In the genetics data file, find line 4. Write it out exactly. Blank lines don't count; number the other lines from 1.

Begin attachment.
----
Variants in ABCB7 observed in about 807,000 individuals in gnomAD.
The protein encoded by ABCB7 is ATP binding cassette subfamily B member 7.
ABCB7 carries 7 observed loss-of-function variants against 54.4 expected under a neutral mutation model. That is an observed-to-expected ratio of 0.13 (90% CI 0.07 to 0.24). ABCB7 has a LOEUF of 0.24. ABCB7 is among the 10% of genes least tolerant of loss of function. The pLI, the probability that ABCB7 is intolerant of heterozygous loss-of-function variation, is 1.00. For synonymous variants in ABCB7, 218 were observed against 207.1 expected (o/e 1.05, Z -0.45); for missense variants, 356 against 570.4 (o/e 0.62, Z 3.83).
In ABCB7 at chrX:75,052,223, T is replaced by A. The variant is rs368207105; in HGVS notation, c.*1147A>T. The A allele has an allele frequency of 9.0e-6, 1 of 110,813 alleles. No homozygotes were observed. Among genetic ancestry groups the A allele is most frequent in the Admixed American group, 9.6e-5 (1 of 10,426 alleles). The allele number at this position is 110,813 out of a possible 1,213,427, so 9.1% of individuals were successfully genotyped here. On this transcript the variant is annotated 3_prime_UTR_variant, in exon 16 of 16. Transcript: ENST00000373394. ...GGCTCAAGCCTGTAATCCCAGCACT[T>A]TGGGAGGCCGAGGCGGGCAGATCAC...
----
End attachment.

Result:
In ABCB7 at chrX:75,052,223, T is replaced by A. The variant is rs368207105; in HGVS notation, c.*1147A>T. The A allele has an allele frequency of 9.0e-6, 1 of 110,813 alleles. No homozygotes were observed. Among genetic ancestry groups the A allele is most frequent in the Admixed American group, 9.6e-5 (1 of 10,426 alleles). The allele number at this position is 110,813 out of a possible 1,213,427, so 9.1% of individuals were successfully genotyped here. On this transcript the variant is annotated 3_prime_UTR_variant, in exon 16 of 16. Transcript: ENST00000373394. ...GGCTCAAGCCTGTAATCCCAGCACT[T>A]TGGGAGGCCGAGGCGGGCAGATCAC...